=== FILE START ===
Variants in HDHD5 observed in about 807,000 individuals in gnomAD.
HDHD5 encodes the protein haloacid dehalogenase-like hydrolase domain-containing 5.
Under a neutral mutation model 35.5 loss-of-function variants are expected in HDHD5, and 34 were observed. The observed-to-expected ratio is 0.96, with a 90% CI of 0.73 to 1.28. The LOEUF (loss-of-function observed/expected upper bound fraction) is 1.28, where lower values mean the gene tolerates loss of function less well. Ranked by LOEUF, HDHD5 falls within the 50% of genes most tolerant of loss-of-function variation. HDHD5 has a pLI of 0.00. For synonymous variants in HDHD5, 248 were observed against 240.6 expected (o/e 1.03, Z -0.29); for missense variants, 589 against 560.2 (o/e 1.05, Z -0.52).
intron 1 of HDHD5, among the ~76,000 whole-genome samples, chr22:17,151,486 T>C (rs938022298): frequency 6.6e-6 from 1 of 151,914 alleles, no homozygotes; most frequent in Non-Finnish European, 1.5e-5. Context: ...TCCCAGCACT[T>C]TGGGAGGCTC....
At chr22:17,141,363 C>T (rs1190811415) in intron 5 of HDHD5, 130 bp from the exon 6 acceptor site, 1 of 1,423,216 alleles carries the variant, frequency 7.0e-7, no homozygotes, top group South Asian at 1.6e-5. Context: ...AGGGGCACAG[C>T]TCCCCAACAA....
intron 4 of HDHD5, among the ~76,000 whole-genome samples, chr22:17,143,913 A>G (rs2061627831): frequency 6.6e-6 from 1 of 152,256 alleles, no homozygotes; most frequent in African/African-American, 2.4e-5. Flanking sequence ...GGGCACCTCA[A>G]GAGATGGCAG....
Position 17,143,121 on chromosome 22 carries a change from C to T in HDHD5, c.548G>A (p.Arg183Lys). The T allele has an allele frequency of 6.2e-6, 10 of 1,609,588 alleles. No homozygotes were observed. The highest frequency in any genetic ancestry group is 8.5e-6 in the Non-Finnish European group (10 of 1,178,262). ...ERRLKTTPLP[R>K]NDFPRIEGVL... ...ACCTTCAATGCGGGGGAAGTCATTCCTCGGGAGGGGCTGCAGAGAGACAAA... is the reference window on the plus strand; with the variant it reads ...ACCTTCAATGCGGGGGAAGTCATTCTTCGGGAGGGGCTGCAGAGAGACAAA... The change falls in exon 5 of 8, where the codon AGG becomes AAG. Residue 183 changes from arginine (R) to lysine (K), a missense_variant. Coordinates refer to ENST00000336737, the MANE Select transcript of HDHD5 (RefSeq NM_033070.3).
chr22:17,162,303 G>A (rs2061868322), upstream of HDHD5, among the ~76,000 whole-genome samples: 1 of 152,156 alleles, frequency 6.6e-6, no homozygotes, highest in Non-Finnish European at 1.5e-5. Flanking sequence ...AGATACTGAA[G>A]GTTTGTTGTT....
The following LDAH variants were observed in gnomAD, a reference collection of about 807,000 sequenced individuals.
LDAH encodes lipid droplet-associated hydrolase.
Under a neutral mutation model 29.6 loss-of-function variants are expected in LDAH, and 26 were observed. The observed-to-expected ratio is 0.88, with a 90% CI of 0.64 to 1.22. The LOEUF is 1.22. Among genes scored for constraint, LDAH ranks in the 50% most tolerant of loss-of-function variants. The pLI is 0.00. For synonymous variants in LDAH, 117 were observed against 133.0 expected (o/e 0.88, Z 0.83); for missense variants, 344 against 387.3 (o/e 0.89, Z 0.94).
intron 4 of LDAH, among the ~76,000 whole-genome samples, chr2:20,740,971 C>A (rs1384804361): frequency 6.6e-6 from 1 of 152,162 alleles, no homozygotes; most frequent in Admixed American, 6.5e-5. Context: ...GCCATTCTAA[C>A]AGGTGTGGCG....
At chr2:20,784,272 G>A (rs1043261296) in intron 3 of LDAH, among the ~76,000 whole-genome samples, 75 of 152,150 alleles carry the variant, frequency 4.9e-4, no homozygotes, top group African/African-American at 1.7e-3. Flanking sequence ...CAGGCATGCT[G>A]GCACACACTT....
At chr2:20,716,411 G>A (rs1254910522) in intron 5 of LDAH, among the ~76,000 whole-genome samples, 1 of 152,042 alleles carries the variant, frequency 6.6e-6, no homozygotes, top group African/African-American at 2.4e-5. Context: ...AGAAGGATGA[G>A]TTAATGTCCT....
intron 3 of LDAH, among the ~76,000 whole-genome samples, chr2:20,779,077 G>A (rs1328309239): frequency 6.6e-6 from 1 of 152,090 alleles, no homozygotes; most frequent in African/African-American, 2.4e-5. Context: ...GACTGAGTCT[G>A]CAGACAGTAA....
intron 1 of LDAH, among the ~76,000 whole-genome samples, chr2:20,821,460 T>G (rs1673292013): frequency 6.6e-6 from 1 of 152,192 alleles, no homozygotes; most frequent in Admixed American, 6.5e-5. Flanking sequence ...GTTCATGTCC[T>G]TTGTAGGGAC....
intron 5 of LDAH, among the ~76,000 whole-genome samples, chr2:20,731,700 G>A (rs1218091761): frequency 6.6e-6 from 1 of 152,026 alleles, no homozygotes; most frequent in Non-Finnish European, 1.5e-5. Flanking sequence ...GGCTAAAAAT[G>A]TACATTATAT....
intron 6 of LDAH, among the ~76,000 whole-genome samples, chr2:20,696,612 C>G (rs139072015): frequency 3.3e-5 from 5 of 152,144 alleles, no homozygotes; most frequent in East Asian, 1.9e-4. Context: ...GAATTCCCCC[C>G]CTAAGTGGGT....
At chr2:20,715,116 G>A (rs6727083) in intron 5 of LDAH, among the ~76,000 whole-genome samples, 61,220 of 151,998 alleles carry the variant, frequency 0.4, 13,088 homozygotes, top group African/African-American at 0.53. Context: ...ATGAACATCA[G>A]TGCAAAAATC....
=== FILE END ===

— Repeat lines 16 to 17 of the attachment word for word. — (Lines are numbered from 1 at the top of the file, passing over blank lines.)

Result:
intron 1 of LDAH, among the ~76,000 whole-genome samples, chr2:20,821,460 T>G (rs1673292013): frequency 6.6e-6 from 1 of 152,192 alleles, no homozygotes; most frequent in Admixed American, 6.5e-5. Flanking sequence ...GTTCATGTCC[T>G]TTGTAGGGAC....
intron 5 of LDAH, among the ~76,000 whole-genome samples, chr2:20,731,700 G>A (rs1218091761): frequency 6.6e-6 from 1 of 152,026 alleles, no homozygotes; most frequent in Non-Finnish European, 1.5e-5. Flanking sequence ...GGCTAAAAAT[G>A]TACATTATAT....